Including a cost breakdown within your model will surely make your business standout to VCs. Include your capital needs in your model to give VCs a sense of how much cash you’ll need to scale your business.
Although high-level reporting and projections are important, you should also have detailed individual reports on budgets, expenses and operational costs that trace the company’s performance and provide insight into how your funds are allocated.
Have an understanding of KPIs (+ other metrics)
VCs want to see conviction around your business model. Understanding what your top priorities and critical metrics are and how your team will execute and improve upon those metrics will be of interest to investors.
Key performance indicators are important metrics because they show the critical factors or drivers of growth that your company needs to successfully raise your next round of funding. Identifying the KPIs that are essential for the success in your business in your financial model can definitely catch the attention of VCs.
An additional metric that you should know about your business is the cost to acquire a new customer and the customer’s lifetime value. Since CAC directly impacts a company’s cash flow, including CAC in your model will be advantageous to your fundraising efforts because it will give VCs assurance in your startups ability to sustain profitability.
Prove there’s market opportunity
Does a real problem exist in the market? Is there significant demand for a solution? Does your product or service access that demand cost-effectively and at scale? The answers to these questions should be an underlying theme throughout your model.
You can do this by identifying consumer segments and conducting data analysis such as: analyzing changes in the environment, competitors, existing players and comparable products or services in the market. Your data should be clear and show customer traction, the value proposition, and scope of how your business fills the gap that exists in the market.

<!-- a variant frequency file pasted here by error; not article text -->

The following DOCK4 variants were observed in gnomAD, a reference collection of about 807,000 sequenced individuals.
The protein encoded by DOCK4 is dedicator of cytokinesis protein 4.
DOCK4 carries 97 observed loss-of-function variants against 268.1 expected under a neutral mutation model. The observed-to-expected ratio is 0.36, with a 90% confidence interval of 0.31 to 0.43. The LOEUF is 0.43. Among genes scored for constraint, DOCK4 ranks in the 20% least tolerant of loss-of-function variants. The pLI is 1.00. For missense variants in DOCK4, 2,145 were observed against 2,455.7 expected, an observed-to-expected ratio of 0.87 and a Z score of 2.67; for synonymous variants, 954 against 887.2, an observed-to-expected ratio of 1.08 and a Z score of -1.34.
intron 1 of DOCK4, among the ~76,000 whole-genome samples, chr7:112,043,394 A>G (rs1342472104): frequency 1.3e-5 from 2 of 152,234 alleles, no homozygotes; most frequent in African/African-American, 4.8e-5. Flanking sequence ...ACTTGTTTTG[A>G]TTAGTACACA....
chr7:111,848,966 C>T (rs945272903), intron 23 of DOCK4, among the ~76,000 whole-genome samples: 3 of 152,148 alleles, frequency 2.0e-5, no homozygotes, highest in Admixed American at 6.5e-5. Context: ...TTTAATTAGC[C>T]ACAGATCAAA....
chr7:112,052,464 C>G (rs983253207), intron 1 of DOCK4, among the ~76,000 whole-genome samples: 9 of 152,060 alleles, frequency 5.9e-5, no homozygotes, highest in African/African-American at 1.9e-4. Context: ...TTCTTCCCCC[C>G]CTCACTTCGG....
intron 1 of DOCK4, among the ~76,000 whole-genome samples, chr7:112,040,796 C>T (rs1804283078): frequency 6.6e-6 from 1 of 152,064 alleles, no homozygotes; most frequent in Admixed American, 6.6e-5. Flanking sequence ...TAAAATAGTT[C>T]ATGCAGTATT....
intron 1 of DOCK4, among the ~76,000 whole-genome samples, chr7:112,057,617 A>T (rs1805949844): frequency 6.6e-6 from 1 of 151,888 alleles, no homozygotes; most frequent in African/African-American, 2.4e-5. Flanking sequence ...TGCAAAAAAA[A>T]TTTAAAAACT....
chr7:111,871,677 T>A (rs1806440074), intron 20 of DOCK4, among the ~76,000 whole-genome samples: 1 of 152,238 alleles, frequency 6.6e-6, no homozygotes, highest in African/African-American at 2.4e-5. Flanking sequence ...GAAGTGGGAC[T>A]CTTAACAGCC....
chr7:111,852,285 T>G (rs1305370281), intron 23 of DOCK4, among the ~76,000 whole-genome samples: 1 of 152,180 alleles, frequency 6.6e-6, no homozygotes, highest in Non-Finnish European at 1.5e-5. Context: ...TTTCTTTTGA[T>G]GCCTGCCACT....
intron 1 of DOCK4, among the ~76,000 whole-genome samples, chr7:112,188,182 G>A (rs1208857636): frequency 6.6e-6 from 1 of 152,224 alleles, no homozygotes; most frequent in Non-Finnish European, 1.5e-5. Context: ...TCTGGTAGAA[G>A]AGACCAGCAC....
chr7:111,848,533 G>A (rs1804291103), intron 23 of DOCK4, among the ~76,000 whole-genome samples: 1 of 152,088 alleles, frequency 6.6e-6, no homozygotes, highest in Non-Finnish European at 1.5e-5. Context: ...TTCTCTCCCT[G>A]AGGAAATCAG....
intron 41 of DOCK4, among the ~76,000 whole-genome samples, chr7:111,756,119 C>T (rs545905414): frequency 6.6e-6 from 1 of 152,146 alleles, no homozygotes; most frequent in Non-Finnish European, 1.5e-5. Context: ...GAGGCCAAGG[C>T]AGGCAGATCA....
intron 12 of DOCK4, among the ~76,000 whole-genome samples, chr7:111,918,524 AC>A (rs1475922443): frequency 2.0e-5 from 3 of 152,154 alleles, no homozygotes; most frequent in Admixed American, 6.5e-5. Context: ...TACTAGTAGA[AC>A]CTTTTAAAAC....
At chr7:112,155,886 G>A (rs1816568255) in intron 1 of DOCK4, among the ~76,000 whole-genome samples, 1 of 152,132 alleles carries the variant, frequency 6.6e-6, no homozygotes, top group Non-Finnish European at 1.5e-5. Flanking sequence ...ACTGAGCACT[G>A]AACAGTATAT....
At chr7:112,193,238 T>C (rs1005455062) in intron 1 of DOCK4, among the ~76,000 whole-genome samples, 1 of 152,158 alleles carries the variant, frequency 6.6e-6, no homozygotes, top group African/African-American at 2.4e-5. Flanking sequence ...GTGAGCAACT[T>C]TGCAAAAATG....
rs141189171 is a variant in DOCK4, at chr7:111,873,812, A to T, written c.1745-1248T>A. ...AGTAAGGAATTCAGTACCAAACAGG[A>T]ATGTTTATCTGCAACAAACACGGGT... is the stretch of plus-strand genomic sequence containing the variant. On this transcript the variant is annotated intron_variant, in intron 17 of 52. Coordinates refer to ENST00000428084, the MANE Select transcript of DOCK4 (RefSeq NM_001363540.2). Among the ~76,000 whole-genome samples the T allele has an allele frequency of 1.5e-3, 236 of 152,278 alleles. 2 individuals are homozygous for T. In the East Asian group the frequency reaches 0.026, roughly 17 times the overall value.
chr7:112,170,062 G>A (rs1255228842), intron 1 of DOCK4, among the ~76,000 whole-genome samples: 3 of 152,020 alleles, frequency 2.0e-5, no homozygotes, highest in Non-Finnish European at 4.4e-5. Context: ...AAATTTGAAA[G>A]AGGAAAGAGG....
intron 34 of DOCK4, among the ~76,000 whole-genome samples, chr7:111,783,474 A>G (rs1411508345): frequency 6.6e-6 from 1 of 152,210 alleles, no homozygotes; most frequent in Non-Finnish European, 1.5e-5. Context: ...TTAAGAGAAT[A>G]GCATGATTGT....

Remember that your financial model should tell a story that aligns with your overall business plan. Figure out what your goals are, think about how you want to achieve those goals, and provide metrics that showcase the effectiveness of your strategy. A financial model that reflects a business with a meaningful, competitive edge and high growth market opportunity will attract willing investors.
Financial Literacy is Key
There are various unknowns that will almost certainly arise throughout every stage of a startup. VCs don’t expect all founders to be finance experts, but displaying a lack of financial knowledge surrounding your business can be a red flag.
Put yourself in the position of an investor and focus your mindset to be metrics-driven. Your financial model is a chance for you to communicate the value of your business through numbers, so you need to have a sense of the math to immediately connect with VCs.
Ultimately, financial models come in all shapes and sizes, but including these characteristics and metrics within your financial model will allow VCs to take you seriously and have a complete picture of your business from a financial point of view.
Financial models tell so much more than just the financials. VCs want to understand the main drivers of your business and have a conversation with you about what the next year or two looks like for your startup.
Show them you are dedicated, passionate, and pleasant to work with and demonstrate that you know what it takes to reach your goals. Impressing VCs is no easy feat, but adequate preparation, research, and enthusiasm will take you far and make you memorable in the minds of VCs.